* Judge lets fraud, unjust enrichment claims go forward
* Racketeering claims thrown out
By Jonathan Stempel
June 14 JPMorgan Chase & Co must face a lawsuit accusing the largest U.S. bank of illegally imposing marked-up or unnecessary fees on delinquent mortgage borrowers, a federal judge ruled.
U.S. District Judge Yvonne Gonzalez Rogers in Oakland, California on Thursday rejected the bank's attempt to dismiss fraud and unjust enrichment claims by the plaintiff borrowers, who hope to represent classes of borrowers nationwide.
Rogers also dismissed racketeering claims against JPMorgan, but said the plaintiffs can try again to pursue them.
Mortgage servicers typically collect borrowers' payments, pay taxes and insurance, arrange loan modifications and pursue foreclosures.
JPMorgan is the nation's third-largest mortgage servicer, overseeing $1.08 trillion of loans in the first quarter, according to Inside Mortgage Finance of Bethesda, Maryland.
Rogers rejected the bank's argument that she lacked jurisdiction by virtue of its April 2011 settlement with U.S. regulators to address servicing and foreclosure deficiencies.
Seven other servicers were part of that settlement, including Wells Fargo & Co, Bank of America Corp and Citigroup Inc. ()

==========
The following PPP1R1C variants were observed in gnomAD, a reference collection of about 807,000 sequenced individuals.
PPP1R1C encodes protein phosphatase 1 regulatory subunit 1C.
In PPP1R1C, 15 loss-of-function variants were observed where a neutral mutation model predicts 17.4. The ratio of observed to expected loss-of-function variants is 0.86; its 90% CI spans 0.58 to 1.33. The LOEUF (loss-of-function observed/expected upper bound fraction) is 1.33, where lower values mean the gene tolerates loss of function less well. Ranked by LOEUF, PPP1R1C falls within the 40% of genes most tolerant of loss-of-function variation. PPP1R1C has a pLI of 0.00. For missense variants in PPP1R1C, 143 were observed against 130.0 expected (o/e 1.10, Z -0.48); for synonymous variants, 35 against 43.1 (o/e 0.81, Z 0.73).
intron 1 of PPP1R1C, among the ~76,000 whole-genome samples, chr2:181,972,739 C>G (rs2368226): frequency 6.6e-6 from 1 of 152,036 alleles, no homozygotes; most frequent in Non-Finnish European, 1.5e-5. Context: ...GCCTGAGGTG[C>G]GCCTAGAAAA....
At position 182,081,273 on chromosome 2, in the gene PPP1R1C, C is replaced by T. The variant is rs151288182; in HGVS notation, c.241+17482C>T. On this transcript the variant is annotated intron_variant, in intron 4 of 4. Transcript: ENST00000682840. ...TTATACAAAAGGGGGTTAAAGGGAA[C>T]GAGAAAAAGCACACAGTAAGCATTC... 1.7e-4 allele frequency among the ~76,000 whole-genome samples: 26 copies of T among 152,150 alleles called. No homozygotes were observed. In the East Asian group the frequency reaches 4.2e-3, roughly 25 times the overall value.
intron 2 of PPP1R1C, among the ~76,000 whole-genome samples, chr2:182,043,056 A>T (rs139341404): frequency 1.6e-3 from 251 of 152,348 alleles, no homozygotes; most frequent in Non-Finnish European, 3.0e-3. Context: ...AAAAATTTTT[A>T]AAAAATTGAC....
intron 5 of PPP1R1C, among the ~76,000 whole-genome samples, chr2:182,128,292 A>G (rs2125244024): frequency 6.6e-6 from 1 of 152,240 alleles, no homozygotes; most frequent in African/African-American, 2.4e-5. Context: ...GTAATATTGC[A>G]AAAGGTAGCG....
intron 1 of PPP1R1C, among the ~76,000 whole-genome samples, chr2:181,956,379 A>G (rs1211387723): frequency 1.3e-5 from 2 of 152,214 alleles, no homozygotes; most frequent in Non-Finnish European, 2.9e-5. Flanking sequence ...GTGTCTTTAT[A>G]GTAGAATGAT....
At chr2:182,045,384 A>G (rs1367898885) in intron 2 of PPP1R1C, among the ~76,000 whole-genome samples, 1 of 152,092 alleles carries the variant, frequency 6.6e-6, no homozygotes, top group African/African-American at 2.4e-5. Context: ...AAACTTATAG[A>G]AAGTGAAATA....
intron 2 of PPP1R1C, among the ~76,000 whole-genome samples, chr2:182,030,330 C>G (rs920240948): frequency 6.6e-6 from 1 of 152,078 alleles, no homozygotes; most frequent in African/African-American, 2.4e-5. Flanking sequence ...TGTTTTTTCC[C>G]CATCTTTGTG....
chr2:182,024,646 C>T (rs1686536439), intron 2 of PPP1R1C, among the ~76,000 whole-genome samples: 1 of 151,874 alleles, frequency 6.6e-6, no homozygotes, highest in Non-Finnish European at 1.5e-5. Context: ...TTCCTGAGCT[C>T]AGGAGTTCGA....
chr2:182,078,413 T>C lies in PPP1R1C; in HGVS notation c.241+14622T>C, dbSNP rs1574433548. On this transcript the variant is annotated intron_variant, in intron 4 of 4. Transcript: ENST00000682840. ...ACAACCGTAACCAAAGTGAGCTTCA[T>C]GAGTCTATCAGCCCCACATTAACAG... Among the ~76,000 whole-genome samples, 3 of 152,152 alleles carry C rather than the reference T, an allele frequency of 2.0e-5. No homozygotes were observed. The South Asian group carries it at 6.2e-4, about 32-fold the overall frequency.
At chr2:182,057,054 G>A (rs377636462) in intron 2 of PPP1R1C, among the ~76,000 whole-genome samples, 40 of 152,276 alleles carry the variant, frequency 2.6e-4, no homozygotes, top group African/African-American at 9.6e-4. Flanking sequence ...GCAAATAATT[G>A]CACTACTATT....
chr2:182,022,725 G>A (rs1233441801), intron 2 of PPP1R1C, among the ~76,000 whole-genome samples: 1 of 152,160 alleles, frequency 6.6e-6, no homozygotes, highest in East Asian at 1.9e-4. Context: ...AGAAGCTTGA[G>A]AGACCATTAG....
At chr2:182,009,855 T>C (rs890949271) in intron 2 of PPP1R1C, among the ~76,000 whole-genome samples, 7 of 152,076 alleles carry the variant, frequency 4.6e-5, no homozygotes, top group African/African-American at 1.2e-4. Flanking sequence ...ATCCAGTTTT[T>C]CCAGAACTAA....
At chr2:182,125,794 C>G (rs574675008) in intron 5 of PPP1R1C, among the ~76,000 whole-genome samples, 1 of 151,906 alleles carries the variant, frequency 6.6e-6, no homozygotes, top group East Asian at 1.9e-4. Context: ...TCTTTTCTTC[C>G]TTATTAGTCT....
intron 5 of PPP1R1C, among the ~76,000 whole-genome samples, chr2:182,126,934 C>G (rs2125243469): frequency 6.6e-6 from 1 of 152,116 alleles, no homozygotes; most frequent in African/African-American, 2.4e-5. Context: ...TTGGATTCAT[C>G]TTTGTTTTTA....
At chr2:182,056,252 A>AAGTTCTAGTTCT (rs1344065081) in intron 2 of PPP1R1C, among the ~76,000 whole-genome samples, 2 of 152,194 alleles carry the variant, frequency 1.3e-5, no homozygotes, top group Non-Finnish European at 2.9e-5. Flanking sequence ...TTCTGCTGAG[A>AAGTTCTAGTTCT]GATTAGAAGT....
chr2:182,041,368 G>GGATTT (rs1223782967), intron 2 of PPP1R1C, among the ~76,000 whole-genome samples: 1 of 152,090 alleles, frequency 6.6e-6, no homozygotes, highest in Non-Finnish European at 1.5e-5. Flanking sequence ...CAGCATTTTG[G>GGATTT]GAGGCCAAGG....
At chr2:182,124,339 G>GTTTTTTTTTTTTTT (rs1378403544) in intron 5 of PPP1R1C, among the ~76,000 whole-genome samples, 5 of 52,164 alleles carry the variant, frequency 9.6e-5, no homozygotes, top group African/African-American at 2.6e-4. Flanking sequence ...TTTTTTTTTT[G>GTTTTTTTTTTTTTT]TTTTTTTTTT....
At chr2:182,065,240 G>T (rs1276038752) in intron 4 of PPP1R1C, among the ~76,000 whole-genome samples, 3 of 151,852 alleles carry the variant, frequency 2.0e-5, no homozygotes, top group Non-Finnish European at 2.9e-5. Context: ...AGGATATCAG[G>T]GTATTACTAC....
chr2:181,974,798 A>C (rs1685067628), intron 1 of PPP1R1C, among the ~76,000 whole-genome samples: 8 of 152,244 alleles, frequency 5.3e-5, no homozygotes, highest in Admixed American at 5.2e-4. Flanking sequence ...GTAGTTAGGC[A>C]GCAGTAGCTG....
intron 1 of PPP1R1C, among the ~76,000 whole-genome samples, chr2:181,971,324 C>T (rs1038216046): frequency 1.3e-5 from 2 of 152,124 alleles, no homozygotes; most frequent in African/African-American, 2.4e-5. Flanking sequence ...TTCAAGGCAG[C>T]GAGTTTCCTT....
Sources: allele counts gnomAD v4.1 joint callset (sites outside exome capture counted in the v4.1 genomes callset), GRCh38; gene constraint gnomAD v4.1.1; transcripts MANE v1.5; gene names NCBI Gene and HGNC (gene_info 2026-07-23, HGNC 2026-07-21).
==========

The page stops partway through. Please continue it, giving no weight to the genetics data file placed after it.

JPMorgan was not immediately available for comment on the lawsuit, which was filed last July.
Similar lawsuits remain pending against Wells Fargo and Citigroup, respectively the largest and fifth-largest U.S. mortgage servicers, according to Inside Mortgage Finance.
The plaintiffs, who live in California, Tennessee and Oregon, accused the New York-based bank of imposing excessive or unnecessary fees to inflate profit, including on services performed by third party vendors, cheating thousands of already-strained borrowers out of millions of dollars.
They said the fees have included $95 to $125 charges for "broker's price opinions," which provide current estimated values for properties. The plaintiffs said such opinions cost as little as $30 to produce, and under guidelines of mortgage financier Fannie Mae should not cost more than $80.
The case is Ellis et al v. JPMorgan Chase & Co et al, U.S. District Court, Northern District of California, No. 12-03897.